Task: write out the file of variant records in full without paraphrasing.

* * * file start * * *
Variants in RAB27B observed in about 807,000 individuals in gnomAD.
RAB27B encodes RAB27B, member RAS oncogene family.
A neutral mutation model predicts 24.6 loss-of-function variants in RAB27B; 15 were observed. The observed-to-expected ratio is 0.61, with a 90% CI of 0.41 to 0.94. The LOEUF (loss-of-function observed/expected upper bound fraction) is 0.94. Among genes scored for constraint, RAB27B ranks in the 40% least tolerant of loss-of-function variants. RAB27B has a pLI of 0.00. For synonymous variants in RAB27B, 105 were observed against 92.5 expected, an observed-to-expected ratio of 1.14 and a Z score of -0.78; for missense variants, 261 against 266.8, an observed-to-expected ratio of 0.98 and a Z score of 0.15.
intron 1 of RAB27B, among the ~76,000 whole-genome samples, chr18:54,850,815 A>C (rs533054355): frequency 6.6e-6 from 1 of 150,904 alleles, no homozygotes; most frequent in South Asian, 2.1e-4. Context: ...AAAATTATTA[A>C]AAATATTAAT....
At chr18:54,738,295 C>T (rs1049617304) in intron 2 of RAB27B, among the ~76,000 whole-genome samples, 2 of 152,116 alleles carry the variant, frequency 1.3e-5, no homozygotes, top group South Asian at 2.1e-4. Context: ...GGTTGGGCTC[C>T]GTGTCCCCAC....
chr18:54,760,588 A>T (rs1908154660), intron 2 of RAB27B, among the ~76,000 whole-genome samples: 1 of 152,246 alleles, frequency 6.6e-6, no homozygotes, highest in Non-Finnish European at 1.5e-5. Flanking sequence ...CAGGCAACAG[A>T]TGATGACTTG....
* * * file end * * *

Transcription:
Variants in RAB27B observed in about 807,000 individuals in gnomAD.
RAB27B encodes RAB27B, member RAS oncogene family.
A neutral mutation model predicts 24.6 loss-of-function variants in RAB27B; 15 were observed. The observed-to-expected ratio is 0.61, with a 90% CI of 0.41 to 0.94. The LOEUF (loss-of-function observed/expected upper bound fraction) is 0.94. Among genes scored for constraint, RAB27B ranks in the 40% least tolerant of loss-of-function variants. RAB27B has a pLI of 0.00. For synonymous variants in RAB27B, 105 were observed against 92.5 expected, an observed-to-expected ratio of 1.14 and a Z score of -0.78; for missense variants, 261 against 266.8, an observed-to-expected ratio of 0.98 and a Z score of 0.15.
intron 1 of RAB27B, among the ~76,000 whole-genome samples, chr18:54,850,815 A>C (rs533054355): frequency 6.6e-6 from 1 of 150,904 alleles, no homozygotes; most frequent in South Asian, 2.1e-4. Context: ...AAAATTATTA[A>C]AAATATTAAT....
At chr18:54,738,295 C>T (rs1049617304) in intron 2 of RAB27B, among the ~76,000 whole-genome samples, 2 of 152,116 alleles carry the variant, frequency 1.3e-5, no homozygotes, top group South Asian at 2.1e-4. Context: ...GGTTGGGCTC[C>T]GTGTCCCCAC....
chr18:54,760,588 A>T (rs1908154660), intron 2 of RAB27B, among the ~76,000 whole-genome samples: 1 of 152,246 alleles, frequency 6.6e-6, no homozygotes, highest in Non-Finnish European at 1.5e-5. Flanking sequence ...CAGGCAACAG[A>T]TGATGACTTG....